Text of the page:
Tyre Nichols' family files lawsuit against MPD, citing multiple forms of negligence
At a press conference Wednesday afternoon, civil rights attorney Ben Crump — alongside a large legal team, Nichols' family and activists — called the suit a "landmark lawsuit" because of the monetary compensation the suit is seeking, which Crump said honored Martin Luther King, Jr. with $10 million for each year since his assassination, and the scope of the lawsuit.
"The amount we are suing for is a message," Crump said. "It is our mission to make it financially unsustainable for these police oppression units to unjustly kill Black people in the future. What makes this a landmark lawsuit is that we're going to see, in the near future, these officers admit that this is how they were trained. This is going to be the first time in America where we're going to hear police officers saying, 'No, we weren't just bad apples. We were not just somebody out for Saturday night kicks to beat up somebody. This is what they trained us to do to young, Black men.'"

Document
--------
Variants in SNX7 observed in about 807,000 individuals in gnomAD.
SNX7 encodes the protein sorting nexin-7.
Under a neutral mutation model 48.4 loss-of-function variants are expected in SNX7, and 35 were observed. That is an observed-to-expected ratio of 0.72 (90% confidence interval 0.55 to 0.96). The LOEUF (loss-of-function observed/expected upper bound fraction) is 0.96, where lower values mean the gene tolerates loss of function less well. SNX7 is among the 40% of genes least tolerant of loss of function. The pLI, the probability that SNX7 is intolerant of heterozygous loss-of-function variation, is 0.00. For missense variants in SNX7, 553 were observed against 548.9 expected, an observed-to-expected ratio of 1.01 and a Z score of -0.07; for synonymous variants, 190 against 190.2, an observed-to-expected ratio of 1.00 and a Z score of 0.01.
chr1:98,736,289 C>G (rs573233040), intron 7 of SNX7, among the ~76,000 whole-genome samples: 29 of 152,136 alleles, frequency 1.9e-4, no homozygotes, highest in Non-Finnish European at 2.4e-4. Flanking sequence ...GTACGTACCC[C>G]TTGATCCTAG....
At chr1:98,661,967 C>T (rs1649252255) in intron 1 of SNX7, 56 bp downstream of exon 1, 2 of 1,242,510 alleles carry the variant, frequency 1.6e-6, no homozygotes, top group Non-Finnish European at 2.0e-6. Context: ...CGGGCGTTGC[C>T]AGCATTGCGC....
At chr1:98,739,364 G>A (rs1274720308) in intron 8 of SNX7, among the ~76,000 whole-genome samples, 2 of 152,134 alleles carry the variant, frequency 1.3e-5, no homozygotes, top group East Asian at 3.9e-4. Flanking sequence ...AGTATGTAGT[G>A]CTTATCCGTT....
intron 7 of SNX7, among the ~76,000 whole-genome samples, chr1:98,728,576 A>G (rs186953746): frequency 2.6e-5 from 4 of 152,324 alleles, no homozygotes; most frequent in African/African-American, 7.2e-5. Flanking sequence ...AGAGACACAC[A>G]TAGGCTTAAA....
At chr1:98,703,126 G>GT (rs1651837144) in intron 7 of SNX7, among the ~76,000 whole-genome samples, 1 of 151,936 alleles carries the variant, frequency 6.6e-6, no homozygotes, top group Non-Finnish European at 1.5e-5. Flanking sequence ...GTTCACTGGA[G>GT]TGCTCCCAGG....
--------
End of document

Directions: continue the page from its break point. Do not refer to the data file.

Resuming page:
Co-counsel Antonio Romanucci said the lawsuit has a unique opportunity to create change.
"This is one of the first times that we know that constitutional violations were given as an order for the SCORPION Unit to carry out when Chief Davis told her SCORPION Unit, 'Get the cars. Don't worry if the case is tossed in court,'" Romanucci said. "That is an unconstitutional edict. When you have officers on the scene who talk about, 'Make sure you stomp his ass,' you're going to get needless harm, unnecessary death. All of these people are accountable...and we're going to start from the top with Chief Cerelyn Davis."